Sculptural Titanium Jewelry

Course Description

About this course

This virtual workshop is intended to familiarize students with an understanding of titanium (Ti), it's physical and working properties, as well as how to transform titanium into a piece of jewelry. Students will learn how to draw visual concepts/designs and then how to properly develop them into metal objects using the techniques of piercing, sawing, and cold connecting with riveting. Titanium coloring techniques will also be explored, to add dynamic and impactful contrasting elements. 

For more information about virtual courses, visit our Virtual Course FAQ page. 

Please read the Materials & Tools tab! 

Meet the Instructor

E. Douglas Wunder

"When designing jewelry, I incorporate geometric influences of human and naturally made objects. These combined visual patterns and shapes help stimulate the creative process. The end results are graphic representations of sweeping curves, upward perspectives and overlapping alignments in detail. The goal is to establish images in miniature that go beyond the mundane and predictable which establishes a unique vision.

Each of my creations develops from graphic drawings on paper that transform to finished three-dimensional constructions. I hand cut metal components of sheet, tubing and wire to meet the demands of an intended design. Occasionally I implement technology by having some components laser cut. Little holes are arranged on the multiple parts with a drill press. Small wires are then fitted through. Measured pieces of tubing are beaded on to serve as spacers. This becomes a repeated layering activity and finished by having the wire ends tapped (rivets) with a hammer and anvil. The completed piece will incorporate my aesthetic concerns combined with the engineering elements that reflect my visual style.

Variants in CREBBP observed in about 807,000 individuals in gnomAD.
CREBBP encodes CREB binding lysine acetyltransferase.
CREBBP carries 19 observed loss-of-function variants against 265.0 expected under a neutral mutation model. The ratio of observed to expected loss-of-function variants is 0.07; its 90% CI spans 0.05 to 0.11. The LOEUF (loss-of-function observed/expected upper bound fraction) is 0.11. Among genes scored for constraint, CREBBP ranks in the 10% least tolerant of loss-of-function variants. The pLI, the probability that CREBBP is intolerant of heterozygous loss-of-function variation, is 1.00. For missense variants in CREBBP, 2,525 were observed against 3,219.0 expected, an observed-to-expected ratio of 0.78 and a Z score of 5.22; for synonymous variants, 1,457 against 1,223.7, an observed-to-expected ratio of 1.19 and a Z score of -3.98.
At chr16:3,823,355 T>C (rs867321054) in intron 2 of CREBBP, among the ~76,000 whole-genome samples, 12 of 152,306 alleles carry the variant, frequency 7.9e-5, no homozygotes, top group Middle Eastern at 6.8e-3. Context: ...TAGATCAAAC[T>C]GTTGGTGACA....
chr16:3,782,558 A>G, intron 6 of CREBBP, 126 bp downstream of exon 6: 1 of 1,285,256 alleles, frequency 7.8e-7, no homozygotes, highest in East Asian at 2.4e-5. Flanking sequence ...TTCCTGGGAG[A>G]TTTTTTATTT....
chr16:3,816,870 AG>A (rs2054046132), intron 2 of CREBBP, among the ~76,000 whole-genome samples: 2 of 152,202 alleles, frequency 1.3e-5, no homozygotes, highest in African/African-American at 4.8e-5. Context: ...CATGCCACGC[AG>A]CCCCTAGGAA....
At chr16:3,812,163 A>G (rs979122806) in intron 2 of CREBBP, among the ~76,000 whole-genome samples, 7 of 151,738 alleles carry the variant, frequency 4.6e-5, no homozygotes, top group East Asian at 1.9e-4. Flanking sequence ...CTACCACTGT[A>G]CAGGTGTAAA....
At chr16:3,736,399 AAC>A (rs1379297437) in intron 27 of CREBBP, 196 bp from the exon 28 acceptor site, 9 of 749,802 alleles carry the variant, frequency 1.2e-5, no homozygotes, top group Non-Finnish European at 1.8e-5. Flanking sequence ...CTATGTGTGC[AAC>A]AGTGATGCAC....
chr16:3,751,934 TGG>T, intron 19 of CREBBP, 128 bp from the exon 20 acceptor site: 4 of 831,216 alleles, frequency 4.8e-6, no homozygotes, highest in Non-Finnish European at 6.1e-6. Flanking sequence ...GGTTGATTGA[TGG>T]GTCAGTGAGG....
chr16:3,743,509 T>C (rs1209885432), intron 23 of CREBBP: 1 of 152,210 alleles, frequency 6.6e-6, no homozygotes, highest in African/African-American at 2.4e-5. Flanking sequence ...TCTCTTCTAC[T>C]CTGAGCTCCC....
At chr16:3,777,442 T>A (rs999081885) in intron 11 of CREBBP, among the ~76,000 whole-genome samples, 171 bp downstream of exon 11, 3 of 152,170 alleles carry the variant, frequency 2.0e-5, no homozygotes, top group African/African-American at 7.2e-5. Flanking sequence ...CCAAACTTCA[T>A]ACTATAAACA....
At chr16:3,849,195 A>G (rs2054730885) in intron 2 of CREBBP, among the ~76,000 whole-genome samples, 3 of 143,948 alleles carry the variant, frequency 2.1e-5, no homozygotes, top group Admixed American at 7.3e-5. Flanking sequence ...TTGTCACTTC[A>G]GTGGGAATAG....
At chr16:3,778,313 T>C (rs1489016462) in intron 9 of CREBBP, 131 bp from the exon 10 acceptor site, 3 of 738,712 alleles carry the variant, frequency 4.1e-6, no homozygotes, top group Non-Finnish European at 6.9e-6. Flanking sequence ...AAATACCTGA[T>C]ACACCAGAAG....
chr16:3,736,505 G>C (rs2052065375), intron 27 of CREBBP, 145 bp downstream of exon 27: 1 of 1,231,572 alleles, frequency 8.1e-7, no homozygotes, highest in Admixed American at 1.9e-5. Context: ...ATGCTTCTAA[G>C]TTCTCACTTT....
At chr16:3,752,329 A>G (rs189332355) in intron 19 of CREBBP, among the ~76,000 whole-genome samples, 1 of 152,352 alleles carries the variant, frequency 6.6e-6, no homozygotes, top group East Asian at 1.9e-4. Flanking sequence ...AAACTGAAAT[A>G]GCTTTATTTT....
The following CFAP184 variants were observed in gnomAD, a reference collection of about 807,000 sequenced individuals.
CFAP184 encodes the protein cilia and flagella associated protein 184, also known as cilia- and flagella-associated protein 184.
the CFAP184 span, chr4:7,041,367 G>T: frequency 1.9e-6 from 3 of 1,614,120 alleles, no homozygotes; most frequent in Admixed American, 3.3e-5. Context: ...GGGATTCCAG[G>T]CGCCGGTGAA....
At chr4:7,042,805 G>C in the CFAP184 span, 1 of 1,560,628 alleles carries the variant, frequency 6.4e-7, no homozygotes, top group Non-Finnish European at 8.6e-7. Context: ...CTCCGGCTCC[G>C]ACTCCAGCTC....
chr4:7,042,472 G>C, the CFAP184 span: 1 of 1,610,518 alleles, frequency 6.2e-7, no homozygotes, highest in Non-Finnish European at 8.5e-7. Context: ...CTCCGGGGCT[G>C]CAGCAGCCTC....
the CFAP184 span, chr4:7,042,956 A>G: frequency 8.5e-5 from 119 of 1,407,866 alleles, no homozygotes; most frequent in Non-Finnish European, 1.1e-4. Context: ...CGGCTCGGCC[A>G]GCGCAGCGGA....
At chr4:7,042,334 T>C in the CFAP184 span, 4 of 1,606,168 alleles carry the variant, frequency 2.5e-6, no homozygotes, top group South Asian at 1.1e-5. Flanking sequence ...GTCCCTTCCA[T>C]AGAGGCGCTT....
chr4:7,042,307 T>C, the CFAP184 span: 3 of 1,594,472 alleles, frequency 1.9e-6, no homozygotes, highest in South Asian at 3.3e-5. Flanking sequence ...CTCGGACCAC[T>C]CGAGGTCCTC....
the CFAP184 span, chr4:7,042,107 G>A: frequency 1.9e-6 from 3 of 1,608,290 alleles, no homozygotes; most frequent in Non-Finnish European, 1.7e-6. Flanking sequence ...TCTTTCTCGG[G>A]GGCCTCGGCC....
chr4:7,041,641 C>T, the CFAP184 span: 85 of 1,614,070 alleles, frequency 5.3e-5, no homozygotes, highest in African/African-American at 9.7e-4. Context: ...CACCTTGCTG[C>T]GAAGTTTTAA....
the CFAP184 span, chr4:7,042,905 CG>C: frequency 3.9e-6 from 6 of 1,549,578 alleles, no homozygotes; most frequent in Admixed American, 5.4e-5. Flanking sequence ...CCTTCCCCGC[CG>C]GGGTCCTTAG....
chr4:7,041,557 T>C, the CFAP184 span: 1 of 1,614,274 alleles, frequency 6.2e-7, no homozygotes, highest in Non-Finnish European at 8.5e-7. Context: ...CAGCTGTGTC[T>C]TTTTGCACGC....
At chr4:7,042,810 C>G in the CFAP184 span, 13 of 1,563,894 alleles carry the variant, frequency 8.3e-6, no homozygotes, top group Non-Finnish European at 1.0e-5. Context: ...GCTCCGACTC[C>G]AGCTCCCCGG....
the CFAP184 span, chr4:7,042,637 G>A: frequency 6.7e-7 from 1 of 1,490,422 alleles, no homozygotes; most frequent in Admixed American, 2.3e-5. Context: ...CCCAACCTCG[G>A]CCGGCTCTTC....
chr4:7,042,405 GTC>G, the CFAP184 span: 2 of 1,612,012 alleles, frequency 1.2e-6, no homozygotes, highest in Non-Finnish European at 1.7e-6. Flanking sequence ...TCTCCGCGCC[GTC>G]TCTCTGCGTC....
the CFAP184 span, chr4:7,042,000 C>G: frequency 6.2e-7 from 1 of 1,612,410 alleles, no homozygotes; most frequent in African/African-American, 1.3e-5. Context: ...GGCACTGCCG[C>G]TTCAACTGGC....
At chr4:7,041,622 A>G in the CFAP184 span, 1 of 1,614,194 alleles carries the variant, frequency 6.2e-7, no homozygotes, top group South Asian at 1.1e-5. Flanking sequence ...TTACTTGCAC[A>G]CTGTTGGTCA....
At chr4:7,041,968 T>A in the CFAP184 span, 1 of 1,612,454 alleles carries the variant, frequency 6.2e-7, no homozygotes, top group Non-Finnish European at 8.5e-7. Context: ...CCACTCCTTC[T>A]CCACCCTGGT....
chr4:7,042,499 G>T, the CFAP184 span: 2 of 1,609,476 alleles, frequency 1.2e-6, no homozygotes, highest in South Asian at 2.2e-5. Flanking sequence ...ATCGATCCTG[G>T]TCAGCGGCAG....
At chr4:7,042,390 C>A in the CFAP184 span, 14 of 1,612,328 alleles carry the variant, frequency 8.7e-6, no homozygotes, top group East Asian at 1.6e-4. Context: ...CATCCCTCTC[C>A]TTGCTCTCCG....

The primary material I use is titanium (Ti). This gray-toned metal is ideal for jewelry design. It is light in weight, strong, hypoallergenic and non-corrosive. With many designs, I also combine gold and/or silver metals to highlight and add contrast to the finished piece.

The seeds for jewelry design began at an early age and took form in college. When I was five I began making plastic models. I focused on science fiction related themes and subjects of World War Two. With continued years of interest, I developed unique skills for making miniature objects. In college at The University of Iowa I became interested in studio art gravitating to metalsmithing and jewelry design. By the time I graduated in 1989 the years of making models and the education in metalworking provided opportunities for professional success.

I live in Kutztown Pennsylvania with my wife Amy and daughter Annabel. My wife is a professor in Art Education at Kutztown University. I work from home as a solo artist and travel the country exhibiting my jewelry and conducting workshops. As a family we enjoy cooking and entertaining. To keep in shape, I train regularly in Shorin-ryu karate. I stay involved in my daughter’s creative problem-solving program, (Odyssey of the Mind) as a coach and board member. When time provides I take pleasure in keeping track of my beloved Iowa Hawkeye football team." - E. Douglas Wunder

Materials & Tools 

A comprehensive list of supplies that will be used for course demonstrations and objectives can be found by clicking here.

Tuition

$150.00

Instructor

E. Douglas Wunder

Dates

December 8 -10, 2021

Time

10:00 AM -12:00 PM

Length

2 days

Level 
Basic and above

No Class Dates

December 9

Location 
Virtual - Eastern Time Zone
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